Jeremy: So I was just watching it with Best of Southern Utah. So they come in and they make an offer sight unseen, which is subject to them actually inspecting it and deciding if they want to buy it. And then they charge this strange fee, this strange buyer premium fee, which is just wacked out. Right? So the next thing you know you think are getting 400, but the reality is you are actually getting 360. Let’s flip this on its head. We can bring a local investor in right now from St. George who will make an offer to buy your property, close in seven days, cash, with no strange strings attached. Really simple. They will buy your home. It will sell for blank. You will get blank if they buy it cash. Or we can put it on the market, distribute this thing to every single real estate agent on the planet. Zillow dot com included, smile and a wink. Trulia dot com. Homes dot com. Realtor dot com, all these websites, and we can sell it at market. By they way, in most cases, you will get more selling your home at market. But here is what they do on the Zillow offer ad. They show this dad in the kitchen, and he is really having a good time. He is making pancakes. And then you see he is trying to make a shaped pancake, and it says, excuse me, making unicorn pancakes is hard. And the music plays. But you know what is easy? Selling your home. And he is sitting there and bing, bing, bing, bing. His phone bings, and he is in his apron and he is talking to his child and he looks over and it says you have an offer from Zillow. 365. He goes oh. I hope our listeners can see. Do you see the face? It is the raised eyebrow look. Like hmmm, well that is interesting. Let me finish making these pancakes. So easy. Like hey, just pack up your belongings and they will be here tomorrow. But that is not real. That is actually not real. You have to understand that. So we want to go straight to our consumers here in Washington County and say look, if you want an instant offer, we will make you an instant offer.
Jeremy: Literally right now. We have an investment group who will purchase your home cash. Let’s talk pros and cons. So the pros are you sell your home in seven days, if you want to sell it in seven days. You could sell it in 45 or 90.
Jeremy: The investors are real flexible that way. But if you wanted to be out in seven days, if all the boxes are checked and things work out, then it could close in seven days cash. It is a cash deal. It is not contingent on an appraisal. It is not contingent on a loan. Right? And you do not have to prepare. You do not have to stage. You do not have to make beds. All those things. Now here is the flip side. That is what Zillow is trying to get people to do. Hey, look how easy it is. But see the difference is we are not going to pitch to you that it is just so much easier that you should do it. No, no, no, no.
Jesse: Well, in any part of our life, convenience comes with a cost. It always will.
Jeremy: Right. Right.
Jesse: It always will.
Jeremy: Right. So we would not propose to you that you should be doing this because it is easy. You should be doing this because for some reason it makes sense that you have got to get out of there fast.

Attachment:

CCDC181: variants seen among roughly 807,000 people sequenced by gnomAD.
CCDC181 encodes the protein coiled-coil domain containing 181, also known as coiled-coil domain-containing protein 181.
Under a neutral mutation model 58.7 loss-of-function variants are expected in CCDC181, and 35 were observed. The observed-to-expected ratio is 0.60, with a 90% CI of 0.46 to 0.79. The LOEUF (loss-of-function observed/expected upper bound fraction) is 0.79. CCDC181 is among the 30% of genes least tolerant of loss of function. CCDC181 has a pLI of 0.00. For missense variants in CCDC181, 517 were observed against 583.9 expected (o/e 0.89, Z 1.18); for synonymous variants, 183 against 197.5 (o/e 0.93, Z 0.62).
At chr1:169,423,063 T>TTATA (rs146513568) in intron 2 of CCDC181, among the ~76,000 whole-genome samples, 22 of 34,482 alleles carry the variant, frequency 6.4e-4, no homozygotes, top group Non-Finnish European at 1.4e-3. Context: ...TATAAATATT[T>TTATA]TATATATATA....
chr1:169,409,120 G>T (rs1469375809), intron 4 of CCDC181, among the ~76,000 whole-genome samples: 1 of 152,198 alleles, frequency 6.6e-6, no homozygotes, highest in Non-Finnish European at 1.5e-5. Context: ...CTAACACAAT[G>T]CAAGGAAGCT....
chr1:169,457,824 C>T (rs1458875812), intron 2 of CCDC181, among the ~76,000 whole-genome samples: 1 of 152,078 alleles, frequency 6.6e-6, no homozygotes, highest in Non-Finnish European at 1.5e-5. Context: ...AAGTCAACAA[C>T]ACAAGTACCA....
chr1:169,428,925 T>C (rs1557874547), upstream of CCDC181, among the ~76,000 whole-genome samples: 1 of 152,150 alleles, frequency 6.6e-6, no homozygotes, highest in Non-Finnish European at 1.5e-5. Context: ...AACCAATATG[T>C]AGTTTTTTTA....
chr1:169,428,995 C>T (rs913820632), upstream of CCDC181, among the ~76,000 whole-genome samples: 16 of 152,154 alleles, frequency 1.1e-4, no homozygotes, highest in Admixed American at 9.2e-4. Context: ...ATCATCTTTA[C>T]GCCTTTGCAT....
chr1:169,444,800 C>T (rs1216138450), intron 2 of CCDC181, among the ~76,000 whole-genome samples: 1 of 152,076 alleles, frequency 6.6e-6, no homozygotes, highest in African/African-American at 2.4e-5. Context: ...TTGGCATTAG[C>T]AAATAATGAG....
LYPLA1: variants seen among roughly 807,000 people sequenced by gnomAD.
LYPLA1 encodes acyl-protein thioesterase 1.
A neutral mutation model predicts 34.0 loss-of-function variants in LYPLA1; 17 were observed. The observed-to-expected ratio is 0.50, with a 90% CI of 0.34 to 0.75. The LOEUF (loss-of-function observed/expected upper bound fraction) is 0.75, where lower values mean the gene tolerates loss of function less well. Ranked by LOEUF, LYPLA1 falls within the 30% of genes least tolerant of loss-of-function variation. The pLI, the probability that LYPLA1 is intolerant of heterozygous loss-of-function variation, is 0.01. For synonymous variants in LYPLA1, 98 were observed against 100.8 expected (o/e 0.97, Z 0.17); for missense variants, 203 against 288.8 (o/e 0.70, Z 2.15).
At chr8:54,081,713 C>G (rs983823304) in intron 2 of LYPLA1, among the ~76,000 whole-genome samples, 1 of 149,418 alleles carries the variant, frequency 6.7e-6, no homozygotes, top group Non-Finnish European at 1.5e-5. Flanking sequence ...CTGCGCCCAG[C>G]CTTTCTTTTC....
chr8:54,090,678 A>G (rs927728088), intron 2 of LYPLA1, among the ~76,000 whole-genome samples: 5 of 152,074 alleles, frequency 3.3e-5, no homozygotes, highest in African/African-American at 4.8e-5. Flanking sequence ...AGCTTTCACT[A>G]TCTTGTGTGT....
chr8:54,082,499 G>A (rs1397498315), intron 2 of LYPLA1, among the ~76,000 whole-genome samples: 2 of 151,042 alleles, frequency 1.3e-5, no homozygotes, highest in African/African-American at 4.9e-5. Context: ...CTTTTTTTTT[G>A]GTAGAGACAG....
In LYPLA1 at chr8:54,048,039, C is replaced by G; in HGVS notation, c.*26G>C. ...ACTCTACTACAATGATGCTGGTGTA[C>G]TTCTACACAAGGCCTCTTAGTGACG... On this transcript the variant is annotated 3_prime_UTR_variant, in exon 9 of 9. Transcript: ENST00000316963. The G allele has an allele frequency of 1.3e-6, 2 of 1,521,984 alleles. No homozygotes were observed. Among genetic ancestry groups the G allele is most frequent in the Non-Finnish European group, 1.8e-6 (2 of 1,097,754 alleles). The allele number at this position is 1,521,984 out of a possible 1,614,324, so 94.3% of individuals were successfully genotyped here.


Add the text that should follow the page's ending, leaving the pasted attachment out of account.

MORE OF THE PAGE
Jeremy: Otherwise, we will take your home. We will put it on the market. You will have to do some work. We will require you to do some work because you are going to say to me I want the most money for my home.
Jeremy: And I am going to say well, if you want the most money, then you have to do the most prep work –
Jeremy: — which we are going to guide you. We are going to hold your hand. We are going to walk you down the road. We are going to schedule all the showings with you. Yeah, you are going to need to make the beds. You are going to need to close the toilet lid. All that kind of jazz. If you have got dirty clothes on the floor, you had better just kick them under the bed. I do not know what to tell you. Those things are going to have to happen, and it is going to be a nightmare in some ways, but you probably will not be sad if you get the money at closing.
Jeremy: So just be aware. Just be aware that these groups, Zillow is a big, massive entity. It is a behemoth, and they are a company that is actually running no profit. So it is one of these strange Wall Street things. They are running no profit, but they are multi-billion-dollar corporation, and their goal is to set themselves up as kind of the replacement to the real estate agent, and eventually just have the whole entire thing. So look, people are going to go there. They are going to go to Zillow dot com, look for a Zestimate. Here is what I would say. Go get your Zestimate at Zillow dot com, and then call us and say I got a Zestimate. Can you please produce a courtesy, right, free of charge market analysis for my property, and let me know what you believe it will sell for on the open market? And then we do that and then you have the real information. Then you can compare the Zillow Zestimate against our information. And if you are paying close attention you will notice that they skipped your basement. Right? So kind of crazy. I just think that people need to be aware of that. That we are not trying to get people off of there. They are on there. Good grief.
Jesse: Well, you are never going to get them off of there.